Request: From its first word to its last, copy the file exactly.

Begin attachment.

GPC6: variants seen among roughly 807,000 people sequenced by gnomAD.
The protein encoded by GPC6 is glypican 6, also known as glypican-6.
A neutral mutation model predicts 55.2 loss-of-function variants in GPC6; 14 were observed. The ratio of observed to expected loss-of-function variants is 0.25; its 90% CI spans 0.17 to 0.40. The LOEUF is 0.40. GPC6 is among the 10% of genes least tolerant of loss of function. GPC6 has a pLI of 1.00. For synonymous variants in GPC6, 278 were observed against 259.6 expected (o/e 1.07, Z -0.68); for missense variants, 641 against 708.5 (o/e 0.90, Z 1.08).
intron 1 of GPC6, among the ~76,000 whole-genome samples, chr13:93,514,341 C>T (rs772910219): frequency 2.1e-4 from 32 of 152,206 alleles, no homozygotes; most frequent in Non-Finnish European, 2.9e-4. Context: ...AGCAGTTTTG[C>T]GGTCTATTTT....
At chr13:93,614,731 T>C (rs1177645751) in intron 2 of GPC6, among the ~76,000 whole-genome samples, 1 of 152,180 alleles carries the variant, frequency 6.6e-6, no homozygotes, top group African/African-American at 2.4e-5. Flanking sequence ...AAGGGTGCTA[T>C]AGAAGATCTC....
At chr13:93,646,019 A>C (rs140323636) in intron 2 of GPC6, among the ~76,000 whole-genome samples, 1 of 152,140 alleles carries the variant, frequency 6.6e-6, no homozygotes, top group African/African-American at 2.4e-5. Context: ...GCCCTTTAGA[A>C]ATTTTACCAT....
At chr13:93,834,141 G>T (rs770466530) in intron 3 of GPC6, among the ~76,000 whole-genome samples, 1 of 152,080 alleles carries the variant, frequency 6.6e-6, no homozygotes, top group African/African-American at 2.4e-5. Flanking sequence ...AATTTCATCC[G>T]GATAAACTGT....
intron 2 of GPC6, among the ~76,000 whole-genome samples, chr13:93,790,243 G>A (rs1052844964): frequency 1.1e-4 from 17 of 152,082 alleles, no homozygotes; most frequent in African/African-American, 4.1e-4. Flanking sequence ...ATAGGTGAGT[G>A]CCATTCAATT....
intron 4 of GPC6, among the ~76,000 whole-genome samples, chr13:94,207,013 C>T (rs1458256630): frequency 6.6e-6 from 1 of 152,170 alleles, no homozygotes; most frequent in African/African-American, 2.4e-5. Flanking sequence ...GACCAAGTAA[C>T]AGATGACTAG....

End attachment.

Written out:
GPC6: variants seen among roughly 807,000 people sequenced by gnomAD.
The protein encoded by GPC6 is glypican 6, also known as glypican-6.
A neutral mutation model predicts 55.2 loss-of-function variants in GPC6; 14 were observed. The ratio of observed to expected loss-of-function variants is 0.25; its 90% CI spans 0.17 to 0.40. The LOEUF is 0.40. GPC6 is among the 10% of genes least tolerant of loss of function. GPC6 has a pLI of 1.00. For synonymous variants in GPC6, 278 were observed against 259.6 expected (o/e 1.07, Z -0.68); for missense variants, 641 against 708.5 (o/e 0.90, Z 1.08).
intron 1 of GPC6, among the ~76,000 whole-genome samples, chr13:93,514,341 C>T (rs772910219): frequency 2.1e-4 from 32 of 152,206 alleles, no homozygotes; most frequent in Non-Finnish European, 2.9e-4. Context: ...AGCAGTTTTG[C>T]GGTCTATTTT....
At chr13:93,614,731 T>C (rs1177645751) in intron 2 of GPC6, among the ~76,000 whole-genome samples, 1 of 152,180 alleles carries the variant, frequency 6.6e-6, no homozygotes, top group African/African-American at 2.4e-5. Flanking sequence ...AAGGGTGCTA[T>C]AGAAGATCTC....
At chr13:93,646,019 A>C (rs140323636) in intron 2 of GPC6, among the ~76,000 whole-genome samples, 1 of 152,140 alleles carries the variant, frequency 6.6e-6, no homozygotes, top group African/African-American at 2.4e-5. Context: ...GCCCTTTAGA[A>C]ATTTTACCAT....
At chr13:93,834,141 G>T (rs770466530) in intron 3 of GPC6, among the ~76,000 whole-genome samples, 1 of 152,080 alleles carries the variant, frequency 6.6e-6, no homozygotes, top group African/African-American at 2.4e-5. Flanking sequence ...AATTTCATCC[G>T]GATAAACTGT....
intron 2 of GPC6, among the ~76,000 whole-genome samples, chr13:93,790,243 G>A (rs1052844964): frequency 1.1e-4 from 17 of 152,082 alleles, no homozygotes; most frequent in African/African-American, 4.1e-4. Flanking sequence ...ATAGGTGAGT[G>A]CCATTCAATT....
intron 4 of GPC6, among the ~76,000 whole-genome samples, chr13:94,207,013 C>T (rs1458256630): frequency 6.6e-6 from 1 of 152,170 alleles, no homozygotes; most frequent in African/African-American, 2.4e-5. Flanking sequence ...GACCAAGTAA[C>T]AGATGACTAG....